Planktonic uptake of some essential metals results in extraordinarily low concentrations in surface seawater. To sequester or take up these micronutrients, various microorganisms apparently release strong complexing agents and catalyze redox reactions that modify the bioavailability of trace metals and promote their rapid cycling in the upper water column. In turn, the low availability of some metals controls the rate of photosynthesis in parts of the oceans and the transformation and uptake of major nutrients such as nitrogen. The extremely low concentrations of several essential metals are both the cause and the result of ultraefficient uptake systems in the plankton and of widespread replacement of metals by one another for various biochemical functions.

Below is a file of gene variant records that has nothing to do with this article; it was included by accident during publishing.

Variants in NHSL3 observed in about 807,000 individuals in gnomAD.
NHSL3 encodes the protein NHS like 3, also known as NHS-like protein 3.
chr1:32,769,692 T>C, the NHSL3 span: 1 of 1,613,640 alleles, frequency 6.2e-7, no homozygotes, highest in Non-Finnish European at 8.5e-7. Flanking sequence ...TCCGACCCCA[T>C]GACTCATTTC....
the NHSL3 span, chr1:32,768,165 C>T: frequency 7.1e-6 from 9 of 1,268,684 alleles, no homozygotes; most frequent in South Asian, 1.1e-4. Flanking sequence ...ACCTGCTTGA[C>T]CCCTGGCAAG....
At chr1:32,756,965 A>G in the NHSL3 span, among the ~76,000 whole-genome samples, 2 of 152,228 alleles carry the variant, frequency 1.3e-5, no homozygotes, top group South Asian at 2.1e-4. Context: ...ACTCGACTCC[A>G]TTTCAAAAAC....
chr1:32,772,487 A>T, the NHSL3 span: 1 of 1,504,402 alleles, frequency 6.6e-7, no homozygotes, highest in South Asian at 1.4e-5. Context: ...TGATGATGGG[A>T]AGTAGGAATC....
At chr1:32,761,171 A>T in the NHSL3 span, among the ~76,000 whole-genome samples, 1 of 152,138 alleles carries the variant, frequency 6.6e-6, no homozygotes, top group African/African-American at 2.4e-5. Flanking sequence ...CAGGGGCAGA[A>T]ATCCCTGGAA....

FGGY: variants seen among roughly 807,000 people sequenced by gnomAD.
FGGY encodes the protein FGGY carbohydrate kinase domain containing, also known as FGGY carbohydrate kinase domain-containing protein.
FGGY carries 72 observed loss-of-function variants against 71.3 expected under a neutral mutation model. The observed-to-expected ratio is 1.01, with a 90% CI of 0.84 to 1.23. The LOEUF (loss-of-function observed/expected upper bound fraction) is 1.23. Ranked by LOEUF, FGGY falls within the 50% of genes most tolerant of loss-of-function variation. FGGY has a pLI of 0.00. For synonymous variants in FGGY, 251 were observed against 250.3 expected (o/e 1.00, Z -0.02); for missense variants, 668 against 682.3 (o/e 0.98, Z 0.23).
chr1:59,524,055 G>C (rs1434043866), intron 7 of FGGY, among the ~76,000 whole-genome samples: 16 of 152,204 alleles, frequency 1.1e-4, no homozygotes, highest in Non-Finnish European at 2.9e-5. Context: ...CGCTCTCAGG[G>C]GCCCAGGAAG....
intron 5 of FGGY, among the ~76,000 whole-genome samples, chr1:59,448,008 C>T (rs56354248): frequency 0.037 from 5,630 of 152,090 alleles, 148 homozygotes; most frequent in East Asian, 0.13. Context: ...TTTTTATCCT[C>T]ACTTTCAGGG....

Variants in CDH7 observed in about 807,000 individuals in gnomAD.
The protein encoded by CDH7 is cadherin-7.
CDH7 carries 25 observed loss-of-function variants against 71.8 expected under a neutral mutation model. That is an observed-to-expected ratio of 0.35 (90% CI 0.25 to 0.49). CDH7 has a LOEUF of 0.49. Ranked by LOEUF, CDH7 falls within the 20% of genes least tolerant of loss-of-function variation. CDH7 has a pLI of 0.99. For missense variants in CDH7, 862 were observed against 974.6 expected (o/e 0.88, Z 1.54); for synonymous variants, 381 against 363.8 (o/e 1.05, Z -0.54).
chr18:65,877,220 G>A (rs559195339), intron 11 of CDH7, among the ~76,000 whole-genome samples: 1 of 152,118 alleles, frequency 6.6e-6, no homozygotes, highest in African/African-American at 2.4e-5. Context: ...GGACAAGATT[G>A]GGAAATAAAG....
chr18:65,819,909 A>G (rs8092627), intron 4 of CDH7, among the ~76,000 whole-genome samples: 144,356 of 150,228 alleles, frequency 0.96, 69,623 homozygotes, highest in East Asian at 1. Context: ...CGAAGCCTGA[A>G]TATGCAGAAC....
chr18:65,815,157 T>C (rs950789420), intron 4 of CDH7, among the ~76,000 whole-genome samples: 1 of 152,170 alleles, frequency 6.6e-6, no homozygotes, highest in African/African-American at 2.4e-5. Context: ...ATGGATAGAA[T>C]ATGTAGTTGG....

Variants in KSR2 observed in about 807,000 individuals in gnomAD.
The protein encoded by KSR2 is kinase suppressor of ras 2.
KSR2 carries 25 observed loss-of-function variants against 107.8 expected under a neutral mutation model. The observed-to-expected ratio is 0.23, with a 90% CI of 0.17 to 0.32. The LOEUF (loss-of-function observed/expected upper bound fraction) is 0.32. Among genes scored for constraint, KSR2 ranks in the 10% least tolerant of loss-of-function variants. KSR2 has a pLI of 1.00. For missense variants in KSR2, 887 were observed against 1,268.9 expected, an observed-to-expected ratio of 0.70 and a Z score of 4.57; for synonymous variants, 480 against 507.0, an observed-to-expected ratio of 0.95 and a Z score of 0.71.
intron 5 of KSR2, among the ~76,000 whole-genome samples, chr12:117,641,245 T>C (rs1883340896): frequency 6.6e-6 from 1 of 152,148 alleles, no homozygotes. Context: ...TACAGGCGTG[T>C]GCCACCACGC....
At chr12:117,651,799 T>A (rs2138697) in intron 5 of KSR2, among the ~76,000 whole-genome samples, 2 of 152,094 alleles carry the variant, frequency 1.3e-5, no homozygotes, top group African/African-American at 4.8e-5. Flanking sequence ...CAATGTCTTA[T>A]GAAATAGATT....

|Original language||English (US)|
|Number of pages||4|
|State||Published - May 9 2003|
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